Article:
Thursday, February 9, 2012

If Syracuse doesn't learn to rebound, they won't go far in March

By Brian Butterworth, Special to Ballin' is a Habit

Of note, we went in-depth on Syracuse's issues on the glass back in January.

Despite a gutty, 64-61 overtime win against a feisty Georgetown team, much of the talk surrounding Syracuse on Thursday will unquestionably be about the Orange's inability to keep opponents from beating them up on the offensive glass. Syracuse surrendered 23 offensive boards to the Hoyas, tallying a defensive rebounding percentage of just 46.4%.

This is the time of year where title contenders start to separate themselves from the pack and talking heads declare which teams have what it takes to make deep tourney runs. While Syracuse has certainly displayed the talent and depth required for a national title contender, it is hard to imagine any team, no matter how talented, overcoming such a glaring deficiency on the boards.

"This was a game they got on the boards from the beginning and that's just a disaster for us," Syracuse head coach Jim Boeheim told reporters after the game. "Getting 17 less rebounds, this was a disaster game as far as I'm concerned. I'm very disappointed at this stage of the year to get beat like that on the boards. You can miss shots; that's part of the game, but we've got to find a way to rebound the ball better. Some of them are long bounces but we just have to do a better job rebounding the basketball. There is just no excuse the way we are rebounding right now. It's a team effort; it's everybody, it's not one guy."

"Right now, I don't think we're a good basketball team because we can't rebound."

Zones are traditionally more difficult to rebound out of then man-to-man, but that is no excuse for the abuse the Orange took on the glass in what many will probably consider to be more of an escape than a win. Syracuse is content to simply turn and look for the ball and hope they can out jump their opponents, instead of going to the offensive players body, either moving them out of the rebounding area or preventing them from crashing into the paint uncontested.

"If we want to be a high quality team, we have to do a better job on the boards," Boeheim said. "We hit a couple of shots at the end, a couple key plays when we were down or this game could have gotten away. And the only conversation would be about the rebounding. When you win everybody forgets about it. But the only reason we won this game is because we hit a couple of shots late, our defense was good late, but there’s just no excuse for us to rebound the way we rebounded tonight."

"It's just not championship level and it won't win. We just won't win if we can't rebound better than that. Period."

Syracuse, who has been lauded for their depth all season, was carried by big time performances from Kris Joseph, Fab Melo and Scoop Jardine, as the rest of the team struggled to find any type of rhythm.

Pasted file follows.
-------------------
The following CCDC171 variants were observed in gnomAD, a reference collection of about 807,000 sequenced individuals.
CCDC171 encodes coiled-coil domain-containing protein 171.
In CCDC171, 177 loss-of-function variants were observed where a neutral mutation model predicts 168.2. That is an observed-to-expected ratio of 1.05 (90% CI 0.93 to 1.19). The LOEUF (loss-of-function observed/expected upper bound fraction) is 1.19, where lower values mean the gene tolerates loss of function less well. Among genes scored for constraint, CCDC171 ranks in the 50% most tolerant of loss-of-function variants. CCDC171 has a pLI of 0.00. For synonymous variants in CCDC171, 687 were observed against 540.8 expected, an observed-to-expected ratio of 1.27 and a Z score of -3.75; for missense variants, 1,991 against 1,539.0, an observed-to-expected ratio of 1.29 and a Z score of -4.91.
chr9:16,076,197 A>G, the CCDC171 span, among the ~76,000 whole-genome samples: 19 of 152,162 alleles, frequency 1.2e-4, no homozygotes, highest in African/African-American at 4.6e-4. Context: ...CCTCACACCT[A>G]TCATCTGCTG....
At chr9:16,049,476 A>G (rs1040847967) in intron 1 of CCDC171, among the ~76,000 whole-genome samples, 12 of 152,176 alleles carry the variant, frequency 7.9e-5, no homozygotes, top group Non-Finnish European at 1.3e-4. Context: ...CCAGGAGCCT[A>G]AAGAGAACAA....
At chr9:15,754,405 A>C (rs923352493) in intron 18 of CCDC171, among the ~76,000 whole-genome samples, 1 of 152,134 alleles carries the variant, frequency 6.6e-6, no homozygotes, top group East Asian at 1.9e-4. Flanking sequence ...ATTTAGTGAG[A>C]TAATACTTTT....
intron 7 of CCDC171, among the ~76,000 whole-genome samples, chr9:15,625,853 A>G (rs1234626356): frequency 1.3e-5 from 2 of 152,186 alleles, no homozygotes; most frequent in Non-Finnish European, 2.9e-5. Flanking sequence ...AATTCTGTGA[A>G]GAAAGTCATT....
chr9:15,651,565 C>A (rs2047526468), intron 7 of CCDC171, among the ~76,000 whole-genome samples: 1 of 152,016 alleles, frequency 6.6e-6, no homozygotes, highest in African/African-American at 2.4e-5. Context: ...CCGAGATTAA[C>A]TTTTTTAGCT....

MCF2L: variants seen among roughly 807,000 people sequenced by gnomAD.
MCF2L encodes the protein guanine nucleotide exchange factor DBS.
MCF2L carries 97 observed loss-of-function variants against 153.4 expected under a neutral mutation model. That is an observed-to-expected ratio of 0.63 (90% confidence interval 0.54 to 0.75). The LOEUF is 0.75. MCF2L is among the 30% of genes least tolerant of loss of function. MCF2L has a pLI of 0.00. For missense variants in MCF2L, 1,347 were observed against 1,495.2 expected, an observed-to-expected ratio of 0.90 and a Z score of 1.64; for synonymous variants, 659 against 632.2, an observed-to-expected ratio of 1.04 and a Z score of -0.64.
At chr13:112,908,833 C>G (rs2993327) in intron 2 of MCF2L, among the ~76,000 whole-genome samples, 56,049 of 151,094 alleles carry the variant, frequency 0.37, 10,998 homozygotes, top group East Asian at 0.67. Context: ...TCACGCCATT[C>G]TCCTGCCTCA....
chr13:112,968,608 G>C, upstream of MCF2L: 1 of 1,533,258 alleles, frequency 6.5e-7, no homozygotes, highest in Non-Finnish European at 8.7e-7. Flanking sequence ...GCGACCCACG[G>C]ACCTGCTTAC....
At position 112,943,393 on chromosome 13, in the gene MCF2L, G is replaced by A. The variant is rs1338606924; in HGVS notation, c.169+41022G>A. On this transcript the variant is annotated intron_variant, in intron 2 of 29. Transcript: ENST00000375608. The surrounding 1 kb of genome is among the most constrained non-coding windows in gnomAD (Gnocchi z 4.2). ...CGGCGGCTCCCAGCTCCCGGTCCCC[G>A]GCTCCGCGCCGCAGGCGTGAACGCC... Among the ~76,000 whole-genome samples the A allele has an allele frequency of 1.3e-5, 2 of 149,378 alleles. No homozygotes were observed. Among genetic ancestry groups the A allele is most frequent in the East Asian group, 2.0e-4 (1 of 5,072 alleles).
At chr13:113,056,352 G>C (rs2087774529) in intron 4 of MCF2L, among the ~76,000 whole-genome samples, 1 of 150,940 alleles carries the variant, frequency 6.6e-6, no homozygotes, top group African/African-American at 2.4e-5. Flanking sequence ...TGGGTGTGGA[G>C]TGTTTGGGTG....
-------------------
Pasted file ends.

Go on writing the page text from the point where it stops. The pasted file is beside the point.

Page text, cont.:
Melo provided Syracuse with timely defense and several crowed pleasing slams on his way to 11 points and seven boards. And while the six blocks Melo sent back to their sender were huge, his footwork and defensive positioning were the key to Syracuse getting the necessary stops down the stretch. It sounds weird to say this, but Melo is as good as anyone in the country at drawing charges. With Syracuse down two and just under two minutes remaining in overtime, it was Melo's excellent position defense on back-to-back possessions that made the difference. Melo moved over on a textbook baseline rotation, drawing a charge on a driving Hollis Thompson. After Dion Waiters converted on two free throws to tie the game at 61. Melo stepped up yet again playing perfect position defense, making sure not to foul as he forced an errant shot attempt by Georgetown center Henry Sims.

Joseph put the Orangemen offense on his back from start to finish, scoring a game-high 29 points as the Hoya's consistently lost track of him on the perimeter. Joseph scored a slew of clutch baskets, including six three-pointers, and connected from beyond the arc for what proved to be the game winner with just 26 seconds left on a Scoop Jardine assist.

Jardine was unquestionably the quiet hero of the game, tallying 8 assists and providing steady ball handling, as Georgetown was unable to keep him from penetrating and finding the open man. Jardine also made the defensive play of the game, causing Jason Clark, who hit two late second half threes to help send the game to OT, to turn the ball over with just 4.9 seconds remaining. Jardine's leadership experience and decision-making will be sorely needed as Syracuse enters the stretch run.

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